'A maximum drawdown is the maximum loss from a peak to a trough of a portfolio, before a new peak is attained. Maximum Drawdown is an indicator of downside risk over a specified time period. It can be used both as a stand-alone measure or as an input into other metrics such as 'Return over Maximum Drawdown' and the Calmar Ratio. Maximum Drawdown is expressed in percentage terms.'

Using this definition on our asset we see for example:- The maximum DrawDown over 5 years of Margaritaville Portfolio is -23.1 days, which is greater, thus better compared to the benchmark SPY (-33.7 days) in the same period.
- During the last 3 years, the maximum drop from peak to valley is -23.1 days, which is larger, thus better than the value of -33.7 days from the benchmark.

'The Drawdown Duration is the length of any peak to peak period, or the time between new equity highs. The Max Drawdown Duration is the worst (the maximum/longest) amount of time an investment has seen between peaks (equity highs). Many assume Max DD Duration is the length of time between new highs during which the Max DD (magnitude) occurred. But that isn’t always the case. The Max DD duration is the longest time between peaks, period. So it could be the time when the program also had its biggest peak to valley loss (and usually is, because the program needs a long time to recover from the largest loss), but it doesn’t have to be'

Which means for our asset as example:- Compared with the benchmark SPY (187 days) in the period of the last 5 years, the maximum days below previous high of 350 days of Margaritaville Portfolio is greater, thus worse.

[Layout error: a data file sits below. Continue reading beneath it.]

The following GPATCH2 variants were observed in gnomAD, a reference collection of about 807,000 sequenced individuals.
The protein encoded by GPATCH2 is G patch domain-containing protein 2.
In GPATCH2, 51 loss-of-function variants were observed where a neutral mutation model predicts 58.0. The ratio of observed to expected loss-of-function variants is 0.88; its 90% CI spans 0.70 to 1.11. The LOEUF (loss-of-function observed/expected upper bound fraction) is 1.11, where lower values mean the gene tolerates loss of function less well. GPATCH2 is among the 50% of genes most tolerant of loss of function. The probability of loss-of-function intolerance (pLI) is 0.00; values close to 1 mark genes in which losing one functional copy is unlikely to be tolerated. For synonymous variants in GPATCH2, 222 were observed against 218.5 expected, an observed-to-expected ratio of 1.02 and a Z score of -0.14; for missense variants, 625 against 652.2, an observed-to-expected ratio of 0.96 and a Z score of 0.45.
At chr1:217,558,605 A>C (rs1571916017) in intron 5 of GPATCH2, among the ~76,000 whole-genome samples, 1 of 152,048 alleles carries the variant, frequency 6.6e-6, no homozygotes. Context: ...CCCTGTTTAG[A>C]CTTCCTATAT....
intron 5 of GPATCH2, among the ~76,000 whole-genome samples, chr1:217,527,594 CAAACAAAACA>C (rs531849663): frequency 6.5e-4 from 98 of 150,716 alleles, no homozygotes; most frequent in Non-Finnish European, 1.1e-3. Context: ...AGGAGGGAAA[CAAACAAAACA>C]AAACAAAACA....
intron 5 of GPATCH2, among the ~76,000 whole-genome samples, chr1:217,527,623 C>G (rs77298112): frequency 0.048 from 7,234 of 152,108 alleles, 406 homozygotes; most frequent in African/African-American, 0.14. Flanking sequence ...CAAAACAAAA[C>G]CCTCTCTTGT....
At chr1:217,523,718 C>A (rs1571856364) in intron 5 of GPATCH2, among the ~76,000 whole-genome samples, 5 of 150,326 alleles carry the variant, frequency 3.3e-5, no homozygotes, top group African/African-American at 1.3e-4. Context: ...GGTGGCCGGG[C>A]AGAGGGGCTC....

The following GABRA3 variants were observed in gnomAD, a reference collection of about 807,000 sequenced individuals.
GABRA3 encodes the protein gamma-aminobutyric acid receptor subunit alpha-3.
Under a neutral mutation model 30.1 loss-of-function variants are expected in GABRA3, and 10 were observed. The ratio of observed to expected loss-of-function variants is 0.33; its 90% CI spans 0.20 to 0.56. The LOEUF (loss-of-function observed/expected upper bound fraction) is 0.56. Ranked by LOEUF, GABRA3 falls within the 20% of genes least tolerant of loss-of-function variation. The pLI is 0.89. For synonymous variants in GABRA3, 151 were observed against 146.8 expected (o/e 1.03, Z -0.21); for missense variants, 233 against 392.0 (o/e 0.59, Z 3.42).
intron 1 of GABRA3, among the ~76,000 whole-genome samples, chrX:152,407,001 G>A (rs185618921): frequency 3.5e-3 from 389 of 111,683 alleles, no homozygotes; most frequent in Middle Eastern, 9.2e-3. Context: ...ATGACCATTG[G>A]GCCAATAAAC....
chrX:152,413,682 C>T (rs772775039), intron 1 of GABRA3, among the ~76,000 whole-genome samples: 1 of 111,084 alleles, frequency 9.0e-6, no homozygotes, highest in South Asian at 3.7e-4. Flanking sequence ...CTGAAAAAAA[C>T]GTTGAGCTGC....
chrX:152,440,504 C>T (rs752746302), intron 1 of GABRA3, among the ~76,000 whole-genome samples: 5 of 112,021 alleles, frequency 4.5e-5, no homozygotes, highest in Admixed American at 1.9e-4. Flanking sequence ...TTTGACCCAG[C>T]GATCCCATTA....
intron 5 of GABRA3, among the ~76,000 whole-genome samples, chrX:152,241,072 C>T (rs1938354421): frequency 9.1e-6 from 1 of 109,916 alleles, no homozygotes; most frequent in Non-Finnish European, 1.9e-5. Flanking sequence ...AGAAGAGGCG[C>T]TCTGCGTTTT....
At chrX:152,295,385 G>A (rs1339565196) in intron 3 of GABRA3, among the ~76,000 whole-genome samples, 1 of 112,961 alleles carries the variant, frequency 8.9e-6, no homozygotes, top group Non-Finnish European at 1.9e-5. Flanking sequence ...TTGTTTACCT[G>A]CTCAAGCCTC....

- During the last 3 years, the maximum days below previous high is 350 days, which is larger, thus worse than the value of 139 days from the benchmark.

'The Average Drawdown Duration is an extension of the Maximum Drawdown. However, this metric does not explain the drawdown in dollars or percentages, rather in days, weeks, or months. The Avg Drawdown Duration is the average amount of time an investment has seen between peaks (equity highs), or in other terms the average of time under water of all drawdowns. So in contrast to the Maximum duration it does not measure only one drawdown event but calculates the average of all.'

Using this definition on our asset we see for example:- Compared with the benchmark SPY (43 days) in the period of the last 5 years, the average days under water of 98 days of Margaritaville Portfolio is larger, thus worse.
- During the last 3 years, the average days under water is 102 days, which is greater, thus worse than the value of 39 days from the benchmark.

Historical returns have been extended using synthetic data.
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- Note that yearly returns do not equal the sum of monthly returns due to compounding.
- Performance results of Margaritaville Portfolio are hypothetical, do not account for slippage, fees or taxes, and are based on backtesting, which has many inherent limitations, some of which are described in our Terms of Use.